Pharmacological Targeting of Proinflammatory Kinase Signaling in Parkinson's Disease
Target Advancement Program, 2016
In Parkinson's disease, the brain's resident immune cells, called microglia, can become persistently activated due to the accumulation of alpha-synuclein-containing protein clumps called Lewy bodies. This constant immune activation can lead to a cycle of ongoing inflammation in the brain, which can contribute to the gradual death of brain cells and disease progression. Emerging evidence also suggests that ongoing inflammation can contribute to the accumulation and spread of the protein clumps in the brain. Therefore, halting this cycle of inflammation and cell death could prevent the worsening of the disease and potentially improve disease symptoms.
Our study attempts to interrupt the chronic inflammation cycle that drives disease progression by blocking a key kinase signaling pathway that drives inflammation in the brain. Crucially, we will utilize a clinically approved drug that has been tested in human patients and has a good safety record with long-term use.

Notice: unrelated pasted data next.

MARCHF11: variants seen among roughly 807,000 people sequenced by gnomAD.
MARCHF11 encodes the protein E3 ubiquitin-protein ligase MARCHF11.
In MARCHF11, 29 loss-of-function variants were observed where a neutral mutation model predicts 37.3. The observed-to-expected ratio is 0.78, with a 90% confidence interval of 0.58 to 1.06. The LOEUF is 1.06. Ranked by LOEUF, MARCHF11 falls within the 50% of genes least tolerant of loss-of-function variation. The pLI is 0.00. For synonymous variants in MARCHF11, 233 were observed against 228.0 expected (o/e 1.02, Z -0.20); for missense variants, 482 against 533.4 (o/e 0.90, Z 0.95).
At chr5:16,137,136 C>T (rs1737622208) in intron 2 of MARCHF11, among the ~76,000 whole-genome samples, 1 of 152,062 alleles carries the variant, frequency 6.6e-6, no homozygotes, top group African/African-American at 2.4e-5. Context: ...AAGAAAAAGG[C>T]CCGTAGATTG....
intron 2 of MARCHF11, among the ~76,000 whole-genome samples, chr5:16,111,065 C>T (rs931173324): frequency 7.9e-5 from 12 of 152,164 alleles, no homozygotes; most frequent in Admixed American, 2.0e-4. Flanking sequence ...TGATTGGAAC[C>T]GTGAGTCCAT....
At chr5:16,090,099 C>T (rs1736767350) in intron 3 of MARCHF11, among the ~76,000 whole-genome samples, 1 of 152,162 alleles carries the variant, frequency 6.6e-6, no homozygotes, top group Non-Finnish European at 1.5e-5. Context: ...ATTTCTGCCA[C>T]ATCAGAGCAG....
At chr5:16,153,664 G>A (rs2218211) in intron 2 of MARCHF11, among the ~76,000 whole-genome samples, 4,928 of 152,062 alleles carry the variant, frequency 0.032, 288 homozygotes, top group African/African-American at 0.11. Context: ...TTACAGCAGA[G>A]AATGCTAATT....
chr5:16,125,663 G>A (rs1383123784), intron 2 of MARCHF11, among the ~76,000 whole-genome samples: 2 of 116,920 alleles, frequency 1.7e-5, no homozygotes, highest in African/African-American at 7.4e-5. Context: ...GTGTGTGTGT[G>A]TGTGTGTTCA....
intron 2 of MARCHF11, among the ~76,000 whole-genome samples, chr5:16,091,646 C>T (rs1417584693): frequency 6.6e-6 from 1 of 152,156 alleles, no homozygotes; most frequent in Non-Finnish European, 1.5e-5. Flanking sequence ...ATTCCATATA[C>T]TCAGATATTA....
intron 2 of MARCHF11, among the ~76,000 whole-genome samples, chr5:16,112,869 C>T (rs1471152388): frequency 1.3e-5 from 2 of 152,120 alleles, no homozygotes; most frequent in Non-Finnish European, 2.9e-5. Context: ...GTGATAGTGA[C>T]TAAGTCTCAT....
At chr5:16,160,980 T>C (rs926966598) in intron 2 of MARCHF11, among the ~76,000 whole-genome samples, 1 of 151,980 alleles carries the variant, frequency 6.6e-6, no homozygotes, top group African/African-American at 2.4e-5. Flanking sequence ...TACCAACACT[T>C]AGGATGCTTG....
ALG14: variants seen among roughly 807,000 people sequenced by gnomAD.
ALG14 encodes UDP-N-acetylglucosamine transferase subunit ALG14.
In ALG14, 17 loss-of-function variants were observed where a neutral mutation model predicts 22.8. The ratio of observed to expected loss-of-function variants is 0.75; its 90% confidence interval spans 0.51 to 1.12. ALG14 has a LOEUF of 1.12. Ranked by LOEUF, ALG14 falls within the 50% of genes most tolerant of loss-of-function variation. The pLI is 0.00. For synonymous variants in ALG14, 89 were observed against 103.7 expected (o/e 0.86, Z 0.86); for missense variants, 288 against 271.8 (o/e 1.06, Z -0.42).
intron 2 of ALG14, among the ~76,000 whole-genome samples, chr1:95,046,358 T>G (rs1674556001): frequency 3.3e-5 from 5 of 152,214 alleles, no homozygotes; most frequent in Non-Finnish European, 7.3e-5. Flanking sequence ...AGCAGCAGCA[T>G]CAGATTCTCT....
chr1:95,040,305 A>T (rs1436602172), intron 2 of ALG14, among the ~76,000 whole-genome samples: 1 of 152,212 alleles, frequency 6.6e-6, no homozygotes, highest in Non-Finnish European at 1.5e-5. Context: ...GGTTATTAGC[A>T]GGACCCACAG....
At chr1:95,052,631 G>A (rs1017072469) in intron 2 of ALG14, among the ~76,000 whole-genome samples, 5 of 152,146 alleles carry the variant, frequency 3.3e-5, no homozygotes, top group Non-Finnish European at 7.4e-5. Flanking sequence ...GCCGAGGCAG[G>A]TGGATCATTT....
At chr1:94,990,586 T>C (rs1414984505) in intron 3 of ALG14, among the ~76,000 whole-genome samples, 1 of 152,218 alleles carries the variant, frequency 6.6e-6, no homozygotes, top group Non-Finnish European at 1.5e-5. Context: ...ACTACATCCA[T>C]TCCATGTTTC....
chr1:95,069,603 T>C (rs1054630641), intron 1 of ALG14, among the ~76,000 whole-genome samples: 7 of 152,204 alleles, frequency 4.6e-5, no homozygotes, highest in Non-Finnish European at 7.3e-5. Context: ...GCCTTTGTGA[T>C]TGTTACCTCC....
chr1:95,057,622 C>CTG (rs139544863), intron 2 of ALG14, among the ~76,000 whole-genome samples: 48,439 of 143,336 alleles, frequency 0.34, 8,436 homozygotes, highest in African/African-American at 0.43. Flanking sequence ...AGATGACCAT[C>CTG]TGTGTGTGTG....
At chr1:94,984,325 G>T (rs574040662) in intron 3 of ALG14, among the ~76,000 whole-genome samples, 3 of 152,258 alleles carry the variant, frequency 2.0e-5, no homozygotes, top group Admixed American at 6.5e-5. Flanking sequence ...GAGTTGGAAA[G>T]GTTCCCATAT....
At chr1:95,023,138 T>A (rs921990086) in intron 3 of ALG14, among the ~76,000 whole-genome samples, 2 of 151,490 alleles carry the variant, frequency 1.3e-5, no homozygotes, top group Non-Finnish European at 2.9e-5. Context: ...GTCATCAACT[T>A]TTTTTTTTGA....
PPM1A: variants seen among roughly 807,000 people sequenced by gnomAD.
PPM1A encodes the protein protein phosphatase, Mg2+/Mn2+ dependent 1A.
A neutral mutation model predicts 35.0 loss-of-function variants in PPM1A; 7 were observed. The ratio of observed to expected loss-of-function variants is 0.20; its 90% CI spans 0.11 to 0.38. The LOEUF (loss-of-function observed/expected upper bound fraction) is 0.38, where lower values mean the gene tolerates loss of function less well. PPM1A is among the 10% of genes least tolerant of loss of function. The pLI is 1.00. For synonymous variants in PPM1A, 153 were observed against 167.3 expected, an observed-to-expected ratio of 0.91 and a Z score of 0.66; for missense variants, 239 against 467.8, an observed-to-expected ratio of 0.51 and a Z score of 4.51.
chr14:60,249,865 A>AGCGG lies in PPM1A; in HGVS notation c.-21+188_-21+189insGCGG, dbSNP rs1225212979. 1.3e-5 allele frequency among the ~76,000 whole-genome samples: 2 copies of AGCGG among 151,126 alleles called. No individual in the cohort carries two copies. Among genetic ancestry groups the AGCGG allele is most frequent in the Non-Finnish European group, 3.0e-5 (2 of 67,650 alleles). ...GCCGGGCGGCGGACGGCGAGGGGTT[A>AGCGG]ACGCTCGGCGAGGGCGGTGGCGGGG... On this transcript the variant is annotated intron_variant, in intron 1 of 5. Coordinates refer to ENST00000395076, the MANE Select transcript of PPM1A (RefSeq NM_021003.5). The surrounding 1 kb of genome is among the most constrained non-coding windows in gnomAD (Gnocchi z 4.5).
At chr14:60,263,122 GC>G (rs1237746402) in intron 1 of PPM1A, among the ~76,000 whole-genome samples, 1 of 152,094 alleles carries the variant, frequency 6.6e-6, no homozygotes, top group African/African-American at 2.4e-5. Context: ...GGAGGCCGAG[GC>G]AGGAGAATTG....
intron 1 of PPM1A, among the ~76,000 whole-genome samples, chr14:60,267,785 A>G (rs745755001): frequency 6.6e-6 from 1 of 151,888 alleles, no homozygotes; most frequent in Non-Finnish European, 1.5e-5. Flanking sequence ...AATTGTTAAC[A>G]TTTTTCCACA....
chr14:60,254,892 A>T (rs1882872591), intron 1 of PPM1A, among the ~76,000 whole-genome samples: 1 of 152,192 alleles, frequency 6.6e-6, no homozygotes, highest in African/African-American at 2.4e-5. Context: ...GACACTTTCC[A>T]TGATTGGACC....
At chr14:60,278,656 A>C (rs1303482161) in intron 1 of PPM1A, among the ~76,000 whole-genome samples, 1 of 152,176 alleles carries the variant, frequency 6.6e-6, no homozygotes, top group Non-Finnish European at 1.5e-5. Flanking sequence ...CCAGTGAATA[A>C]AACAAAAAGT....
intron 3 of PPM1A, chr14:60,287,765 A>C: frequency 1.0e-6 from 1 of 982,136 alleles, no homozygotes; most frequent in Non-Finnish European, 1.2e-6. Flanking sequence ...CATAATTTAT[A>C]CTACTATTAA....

We will test the efficacy of using different chemical versions of the drug to block immune activation and brain inflammation in two models of Parkinson's disease. If our studies are successful and our small molecule drug is effective, we expect to see improvements in Parkinson's-like symptoms in our disease models along with reduced dopaminergic neuron death and inflammation in the drug-treated groups.
Impact on Diagnosis/Treatment of Parkinson's Disease:
Since the drug we are testing in our Parkinson's models is already clinically approved and has been shown to be safe in humans, our studies will confirm if this drug has potential to be used in the treatment of Parkinson's disease to improve patient outcomes and slow disease progression.
Next Steps for Development:
If our studies our successful, the next steps will potentially include clinical evaluation of the efficacy of this compound in patients, to determine if this approach is effective in Parkinson's disease. Additionally, improved versions of the drugs can also be generated, which could be more effective at blocking inflammation and the loss of brain cells in Parkinson's disease.
Senior Research Fellow at The University of Queensland
Location: Brisbane, Queensland, Australia